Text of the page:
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Oprah Winfrey’s exhibition at African-American history museum is a well-deserved honour

June 04, 2018 at 02:16 am | Opinions & Features

Nduta Waweru

Nduta Waweru | Contributor

June 04, 2018 at 02:16 am | Opinions & Features

Oprah Winfrey

Oprah Winfrey is not only a media mogul but also an American activist whose campaigns have influenced some of America’s life views.

In honouring her contribution to society, the National Museum of African American History and Culture opened an exhibition that features the story of her life in a bid to offer an understanding of how she became a global icon.

The exhibition, “Watching Oprah: The Oprah Winfrey Show and American Culture” features video clips, interview segments, movie costumes, and personal photographs and journals.

“We’re providing a context for understanding not only who she is, but how she became a global figure, and how she is connected to broader stories and themes,” one of the show’s curators, Kathleen Kendrick said.

This red suit, designed by Celine, was worn by Winfrey during her famous Sept. 13, 2004, car giveaway stunt, in which she gave every member of her studio audience a new Pontiac sedan. (Walter Larrimore for the Smithsonian Institution, National Museum of African American History and Culture)

The show has been divided into three segments. The first segment, featured in the Special Exhibitions gallery, deals with Oprah’s childhood and early career, highlighting how events in the 1960s and 1970s influenced her worldview. The second segment captures aspects of the 25-year run of the Oprah Winfrey Show and contains artifacts from the studio in which the show was shot. The last section highlights her role as cultural influencer through film, music and philanthropy.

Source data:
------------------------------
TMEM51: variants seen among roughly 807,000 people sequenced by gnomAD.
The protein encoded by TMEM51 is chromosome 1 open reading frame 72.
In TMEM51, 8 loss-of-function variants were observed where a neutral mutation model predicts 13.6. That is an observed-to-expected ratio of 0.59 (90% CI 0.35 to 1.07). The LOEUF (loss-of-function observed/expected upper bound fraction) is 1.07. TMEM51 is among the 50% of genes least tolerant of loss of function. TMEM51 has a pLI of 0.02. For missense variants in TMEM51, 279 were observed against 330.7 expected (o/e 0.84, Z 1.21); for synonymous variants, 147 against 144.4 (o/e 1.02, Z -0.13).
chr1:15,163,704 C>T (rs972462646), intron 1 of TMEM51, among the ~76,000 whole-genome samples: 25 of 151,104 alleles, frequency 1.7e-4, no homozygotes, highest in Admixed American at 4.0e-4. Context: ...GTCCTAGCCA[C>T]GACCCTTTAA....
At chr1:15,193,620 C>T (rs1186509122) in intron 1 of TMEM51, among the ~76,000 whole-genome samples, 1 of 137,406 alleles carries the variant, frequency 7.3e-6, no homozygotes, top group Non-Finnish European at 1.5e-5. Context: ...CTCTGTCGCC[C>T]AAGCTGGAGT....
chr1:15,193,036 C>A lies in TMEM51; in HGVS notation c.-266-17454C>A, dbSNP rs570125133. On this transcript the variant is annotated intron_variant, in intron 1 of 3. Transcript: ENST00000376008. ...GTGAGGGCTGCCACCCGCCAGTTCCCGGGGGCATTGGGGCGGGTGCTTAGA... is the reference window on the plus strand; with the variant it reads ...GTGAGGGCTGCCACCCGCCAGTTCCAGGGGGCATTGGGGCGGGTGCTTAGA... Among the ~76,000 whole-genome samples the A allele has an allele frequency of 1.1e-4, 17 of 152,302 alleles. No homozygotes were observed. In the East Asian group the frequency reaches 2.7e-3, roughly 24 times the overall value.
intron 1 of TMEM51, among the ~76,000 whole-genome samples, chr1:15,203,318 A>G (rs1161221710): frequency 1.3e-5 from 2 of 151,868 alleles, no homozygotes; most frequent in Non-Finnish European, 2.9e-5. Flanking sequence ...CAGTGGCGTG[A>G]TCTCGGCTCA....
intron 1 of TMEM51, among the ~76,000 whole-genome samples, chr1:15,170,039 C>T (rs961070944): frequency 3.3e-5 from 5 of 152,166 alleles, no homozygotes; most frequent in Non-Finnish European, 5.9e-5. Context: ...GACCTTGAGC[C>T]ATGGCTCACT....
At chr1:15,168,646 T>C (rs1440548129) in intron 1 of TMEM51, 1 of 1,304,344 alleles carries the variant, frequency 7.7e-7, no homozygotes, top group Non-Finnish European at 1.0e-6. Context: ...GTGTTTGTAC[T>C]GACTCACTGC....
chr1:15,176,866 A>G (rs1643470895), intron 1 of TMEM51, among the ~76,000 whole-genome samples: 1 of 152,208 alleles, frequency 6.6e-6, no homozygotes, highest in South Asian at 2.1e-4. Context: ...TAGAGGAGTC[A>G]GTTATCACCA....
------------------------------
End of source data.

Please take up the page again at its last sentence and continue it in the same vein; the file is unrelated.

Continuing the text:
“Civil rights, the women’s movement, the media and television landscape, she’s at this distinct intersection of all of these dynamic moments. She becomes someone at the forefront of dealing with ideas, of discussing hot-button topics like racism and sexual orientation,” Rhea L. Combs, the other co-curator said.

In 2013, Oprah had donated $12m for the design and construction of the new museum, something the director, Lonnie G. Bunch III, has said did not influence the exhibition.

“We made sure there was a bright line, that this was done by the museum and museum scholars,” he said. “The fundraising was not through Oprah’s people.”

According to the museum officials, the exhibition was scheduled to coincide with the period they thought visitor numbers would be low. However, they have experienced strong interest since they opened in September 2016.

 

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